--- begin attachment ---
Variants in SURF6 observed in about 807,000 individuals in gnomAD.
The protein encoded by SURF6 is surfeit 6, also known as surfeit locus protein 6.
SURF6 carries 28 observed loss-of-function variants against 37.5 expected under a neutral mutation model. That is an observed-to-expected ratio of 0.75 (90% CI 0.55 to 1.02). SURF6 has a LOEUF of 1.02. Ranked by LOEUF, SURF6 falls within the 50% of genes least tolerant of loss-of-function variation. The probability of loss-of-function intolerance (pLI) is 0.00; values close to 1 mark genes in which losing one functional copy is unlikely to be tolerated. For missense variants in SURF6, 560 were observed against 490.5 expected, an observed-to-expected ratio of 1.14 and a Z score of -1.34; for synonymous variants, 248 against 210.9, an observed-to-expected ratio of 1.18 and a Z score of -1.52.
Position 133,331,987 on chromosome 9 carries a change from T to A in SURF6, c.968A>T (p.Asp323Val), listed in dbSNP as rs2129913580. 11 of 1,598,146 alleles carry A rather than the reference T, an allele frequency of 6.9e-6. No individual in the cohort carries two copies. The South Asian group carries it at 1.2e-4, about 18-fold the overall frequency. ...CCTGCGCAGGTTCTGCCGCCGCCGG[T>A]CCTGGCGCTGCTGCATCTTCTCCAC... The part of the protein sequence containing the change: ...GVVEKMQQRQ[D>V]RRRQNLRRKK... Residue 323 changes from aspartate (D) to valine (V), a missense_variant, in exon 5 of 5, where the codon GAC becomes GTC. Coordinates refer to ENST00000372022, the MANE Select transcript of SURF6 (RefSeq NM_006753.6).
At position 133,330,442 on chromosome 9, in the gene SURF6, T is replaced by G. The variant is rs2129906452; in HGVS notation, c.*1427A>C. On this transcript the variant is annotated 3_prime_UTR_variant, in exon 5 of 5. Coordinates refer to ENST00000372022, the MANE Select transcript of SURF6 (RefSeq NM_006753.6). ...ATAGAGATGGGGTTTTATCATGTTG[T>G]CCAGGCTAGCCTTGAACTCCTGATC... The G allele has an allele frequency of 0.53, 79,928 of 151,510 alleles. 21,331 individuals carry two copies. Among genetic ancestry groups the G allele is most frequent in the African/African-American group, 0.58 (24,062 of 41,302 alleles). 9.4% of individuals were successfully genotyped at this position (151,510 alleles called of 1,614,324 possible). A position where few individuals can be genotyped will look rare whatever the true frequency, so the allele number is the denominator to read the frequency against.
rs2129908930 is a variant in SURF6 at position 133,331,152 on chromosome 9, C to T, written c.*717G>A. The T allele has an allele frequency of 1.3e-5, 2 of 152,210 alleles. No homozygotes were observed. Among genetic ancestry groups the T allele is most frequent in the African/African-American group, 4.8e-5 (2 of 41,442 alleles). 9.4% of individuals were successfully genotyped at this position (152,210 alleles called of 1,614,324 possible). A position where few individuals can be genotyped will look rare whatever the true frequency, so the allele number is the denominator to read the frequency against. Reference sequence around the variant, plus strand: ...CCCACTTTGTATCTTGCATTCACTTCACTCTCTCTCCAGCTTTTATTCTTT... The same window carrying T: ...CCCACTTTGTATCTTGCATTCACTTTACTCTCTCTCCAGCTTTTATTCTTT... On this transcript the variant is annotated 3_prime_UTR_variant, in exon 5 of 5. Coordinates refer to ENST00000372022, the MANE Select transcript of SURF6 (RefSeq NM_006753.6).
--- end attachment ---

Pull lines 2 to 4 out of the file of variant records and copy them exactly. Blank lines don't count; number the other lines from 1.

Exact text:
The protein encoded by SURF6 is surfeit 6, also known as surfeit locus protein 6.
SURF6 carries 28 observed loss-of-function variants against 37.5 expected under a neutral mutation model. That is an observed-to-expected ratio of 0.75 (90% CI 0.55 to 1.02). SURF6 has a LOEUF of 1.02. Ranked by LOEUF, SURF6 falls within the 50% of genes least tolerant of loss-of-function variation. The probability of loss-of-function intolerance (pLI) is 0.00; values close to 1 mark genes in which losing one functional copy is unlikely to be tolerated. For missense variants in SURF6, 560 were observed against 490.5 expected, an observed-to-expected ratio of 1.14 and a Z score of -1.34; for synonymous variants, 248 against 210.9, an observed-to-expected ratio of 1.18 and a Z score of -1.52.
Position 133,331,987 on chromosome 9 carries a change from T to A in SURF6, c.968A>T (p.Asp323Val), listed in dbSNP as rs2129913580. 11 of 1,598,146 alleles carry A rather than the reference T, an allele frequency of 6.9e-6. No individual in the cohort carries two copies. The South Asian group carries it at 1.2e-4, about 18-fold the overall frequency. ...CCTGCGCAGGTTCTGCCGCCGCCGG[T>A]CCTGGCGCTGCTGCATCTTCTCCAC... The part of the protein sequence containing the change: ...GVVEKMQQRQ[D>V]RRRQNLRRKK... Residue 323 changes from aspartate (D) to valine (V), a missense_variant, in exon 5 of 5, where the codon GAC becomes GTC. Coordinates refer to ENST00000372022, the MANE Select transcript of SURF6 (RefSeq NM_006753.6).